If I could wave a magic wand of the Management of Deer it would be to remove the money element.
A friend and I were discussing money and stalking we both were of the same opinion that too many times when commercialism has walked in the door ethics and deer welfare has gone out the window.
In an Ideal world deer stalking would be let on the quality of the management plan and its effective execution not on the depth of the pockets.
Alternatively to remove the antlers and tusks from male deer and this would probably negate that first wish as people would not pay silly money to shoot deer without getting trophy.
How many times do you read about stalkers agonising over whether or not to shot a good stag or buck, how long do they consider whether or not to shoot a doe or a hind, I would suggest about as long as it takes to get the safety off.
A very interesting thread. Personally I would like to see more done to protect the land the deer inhabit. It seems that everywhere you look fields and woodlands are being riped out and replaced with 'Yuppee mansions and private villages' or massive warehouse complexs'.
Real simple this one!
Adopt the Italian/New Zealand style of hunting.
If you can get to it then you can shoot it!
In Italy they have a simple solution, you can only walk on someones ground if you are carrying a gun,otherwise you are a trespasser.The only time you cannot shoot is when the land is owned by the government or the landowner puts up "vietato caccia", (no hunting)signs, but this then also precludes the landowner himself from shooting!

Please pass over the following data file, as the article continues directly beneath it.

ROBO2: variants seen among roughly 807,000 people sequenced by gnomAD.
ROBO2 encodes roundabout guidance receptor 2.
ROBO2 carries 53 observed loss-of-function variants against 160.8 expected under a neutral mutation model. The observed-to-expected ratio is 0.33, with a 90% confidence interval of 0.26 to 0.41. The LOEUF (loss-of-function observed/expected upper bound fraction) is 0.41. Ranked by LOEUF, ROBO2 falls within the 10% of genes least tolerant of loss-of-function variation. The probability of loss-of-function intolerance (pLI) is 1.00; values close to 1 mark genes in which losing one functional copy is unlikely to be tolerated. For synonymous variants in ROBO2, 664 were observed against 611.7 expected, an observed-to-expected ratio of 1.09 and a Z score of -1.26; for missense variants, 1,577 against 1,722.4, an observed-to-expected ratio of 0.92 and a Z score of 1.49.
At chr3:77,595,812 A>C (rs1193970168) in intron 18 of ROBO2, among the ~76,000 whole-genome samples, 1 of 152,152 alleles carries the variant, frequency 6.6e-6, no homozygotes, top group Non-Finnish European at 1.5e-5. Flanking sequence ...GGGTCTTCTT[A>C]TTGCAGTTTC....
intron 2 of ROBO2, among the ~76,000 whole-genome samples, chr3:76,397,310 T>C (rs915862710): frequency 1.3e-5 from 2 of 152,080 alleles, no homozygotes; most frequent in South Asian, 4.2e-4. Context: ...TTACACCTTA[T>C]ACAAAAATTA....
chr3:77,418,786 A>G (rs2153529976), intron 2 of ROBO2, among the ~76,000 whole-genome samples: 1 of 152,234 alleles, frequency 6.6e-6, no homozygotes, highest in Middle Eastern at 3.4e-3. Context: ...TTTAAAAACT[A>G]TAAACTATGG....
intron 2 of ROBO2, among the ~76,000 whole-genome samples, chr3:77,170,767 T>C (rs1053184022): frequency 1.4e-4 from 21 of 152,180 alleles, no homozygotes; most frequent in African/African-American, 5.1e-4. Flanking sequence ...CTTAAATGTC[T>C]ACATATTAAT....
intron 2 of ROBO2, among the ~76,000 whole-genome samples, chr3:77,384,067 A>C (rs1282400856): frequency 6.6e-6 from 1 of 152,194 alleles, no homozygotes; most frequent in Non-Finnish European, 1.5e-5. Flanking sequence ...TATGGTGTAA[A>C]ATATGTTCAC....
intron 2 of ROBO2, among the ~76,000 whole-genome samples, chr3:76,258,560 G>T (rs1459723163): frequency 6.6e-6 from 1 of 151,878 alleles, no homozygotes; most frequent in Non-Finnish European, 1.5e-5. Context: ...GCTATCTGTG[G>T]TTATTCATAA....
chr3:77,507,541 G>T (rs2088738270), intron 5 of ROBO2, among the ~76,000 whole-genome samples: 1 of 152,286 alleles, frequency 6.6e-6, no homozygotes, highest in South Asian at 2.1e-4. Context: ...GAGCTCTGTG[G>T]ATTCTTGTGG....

I would also change the way democracy works!
64 million people in the UK, if there is legislation that affects our rights then the we should expect that there are 64 million NO votes and only by the majority 32 million + votes would laws get changed.Lets face it if its important to the majority then let the majority vote, and lets not have a "he who shouts loudest" democracy...
This is not, in my opinion, as straightforward as it seems. I think that there are two distinct areas involved in the stalking, the private and the Government sectors.
The private sector ranges from huge estates where your every wish is catered for, if you can afford it, to a small farm where some lucky person gets to cull the deer for free. So we have prices that vary from the astronomical to the free. Nothing wrong in that landowners have to have a return on their money, whether that is just keeping the deer damage down on their small farm or for paying the wages of stalkers etc on the big estates. I have no problem with this. If you can afford it and you enjoy it, go for it.